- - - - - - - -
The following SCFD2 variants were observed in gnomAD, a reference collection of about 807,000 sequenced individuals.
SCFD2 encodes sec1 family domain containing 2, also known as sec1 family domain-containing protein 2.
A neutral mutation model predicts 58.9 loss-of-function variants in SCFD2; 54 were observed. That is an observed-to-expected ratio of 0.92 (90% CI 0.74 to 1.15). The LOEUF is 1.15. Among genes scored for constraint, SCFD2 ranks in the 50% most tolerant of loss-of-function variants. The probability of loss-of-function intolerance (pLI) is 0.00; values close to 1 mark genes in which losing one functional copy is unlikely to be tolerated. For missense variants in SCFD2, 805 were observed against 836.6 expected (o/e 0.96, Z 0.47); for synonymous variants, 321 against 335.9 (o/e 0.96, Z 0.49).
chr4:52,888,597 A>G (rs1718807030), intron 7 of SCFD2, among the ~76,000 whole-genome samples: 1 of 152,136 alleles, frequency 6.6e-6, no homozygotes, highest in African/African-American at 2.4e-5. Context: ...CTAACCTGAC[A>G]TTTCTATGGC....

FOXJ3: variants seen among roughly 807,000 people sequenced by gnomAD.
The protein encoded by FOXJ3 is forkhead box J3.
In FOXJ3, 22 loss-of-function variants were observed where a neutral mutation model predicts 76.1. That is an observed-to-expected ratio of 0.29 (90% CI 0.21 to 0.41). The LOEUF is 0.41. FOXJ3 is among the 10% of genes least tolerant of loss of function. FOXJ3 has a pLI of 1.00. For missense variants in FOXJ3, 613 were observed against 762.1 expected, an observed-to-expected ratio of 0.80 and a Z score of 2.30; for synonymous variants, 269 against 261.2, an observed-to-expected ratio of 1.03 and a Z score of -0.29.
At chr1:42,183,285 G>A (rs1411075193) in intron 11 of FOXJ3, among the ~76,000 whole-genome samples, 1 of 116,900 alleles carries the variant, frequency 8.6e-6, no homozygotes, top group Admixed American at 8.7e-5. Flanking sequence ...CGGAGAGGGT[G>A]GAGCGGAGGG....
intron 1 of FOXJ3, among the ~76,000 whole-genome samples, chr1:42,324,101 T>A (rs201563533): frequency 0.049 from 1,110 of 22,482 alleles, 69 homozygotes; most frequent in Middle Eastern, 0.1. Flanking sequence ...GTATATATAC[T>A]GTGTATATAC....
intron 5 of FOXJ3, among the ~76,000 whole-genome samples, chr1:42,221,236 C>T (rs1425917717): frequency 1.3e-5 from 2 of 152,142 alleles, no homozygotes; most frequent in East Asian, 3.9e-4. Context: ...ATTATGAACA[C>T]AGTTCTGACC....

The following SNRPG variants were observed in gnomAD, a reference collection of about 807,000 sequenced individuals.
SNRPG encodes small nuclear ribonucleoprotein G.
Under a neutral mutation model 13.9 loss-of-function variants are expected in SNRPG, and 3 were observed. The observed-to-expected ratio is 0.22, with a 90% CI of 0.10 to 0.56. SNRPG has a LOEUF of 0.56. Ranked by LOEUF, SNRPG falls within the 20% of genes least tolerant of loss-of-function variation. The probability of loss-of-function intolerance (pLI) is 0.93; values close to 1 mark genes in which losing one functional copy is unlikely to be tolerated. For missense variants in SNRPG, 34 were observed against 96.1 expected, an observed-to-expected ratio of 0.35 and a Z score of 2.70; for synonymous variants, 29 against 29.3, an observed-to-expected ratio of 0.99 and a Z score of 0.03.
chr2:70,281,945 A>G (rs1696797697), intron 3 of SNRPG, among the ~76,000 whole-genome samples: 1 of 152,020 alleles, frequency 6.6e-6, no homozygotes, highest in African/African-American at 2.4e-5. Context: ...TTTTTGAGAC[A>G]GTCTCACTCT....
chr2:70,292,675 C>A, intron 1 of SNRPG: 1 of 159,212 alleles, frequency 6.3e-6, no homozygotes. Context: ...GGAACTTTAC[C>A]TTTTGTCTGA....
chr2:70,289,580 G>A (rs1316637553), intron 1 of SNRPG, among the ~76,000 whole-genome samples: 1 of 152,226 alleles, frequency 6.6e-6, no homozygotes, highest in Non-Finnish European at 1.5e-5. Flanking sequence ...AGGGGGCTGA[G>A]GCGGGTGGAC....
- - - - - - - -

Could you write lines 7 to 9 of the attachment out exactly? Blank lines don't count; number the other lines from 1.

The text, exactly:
In FOXJ3, 22 loss-of-function variants were observed where a neutral mutation model predicts 76.1. That is an observed-to-expected ratio of 0.29 (90% CI 0.21 to 0.41). The LOEUF is 0.41. FOXJ3 is among the 10% of genes least tolerant of loss of function. FOXJ3 has a pLI of 1.00. For missense variants in FOXJ3, 613 were observed against 762.1 expected, an observed-to-expected ratio of 0.80 and a Z score of 2.30; for synonymous variants, 269 against 261.2, an observed-to-expected ratio of 1.03 and a Z score of -0.29.
At chr1:42,183,285 G>A (rs1411075193) in intron 11 of FOXJ3, among the ~76,000 whole-genome samples, 1 of 116,900 alleles carries the variant, frequency 8.6e-6, no homozygotes, top group Admixed American at 8.7e-5. Flanking sequence ...CGGAGAGGGT[G>A]GAGCGGAGGG....
intron 1 of FOXJ3, among the ~76,000 whole-genome samples, chr1:42,324,101 T>A (rs201563533): frequency 0.049 from 1,110 of 22,482 alleles, 69 homozygotes; most frequent in Middle Eastern, 0.1. Flanking sequence ...GTATATATAC[T>A]GTGTATATAC....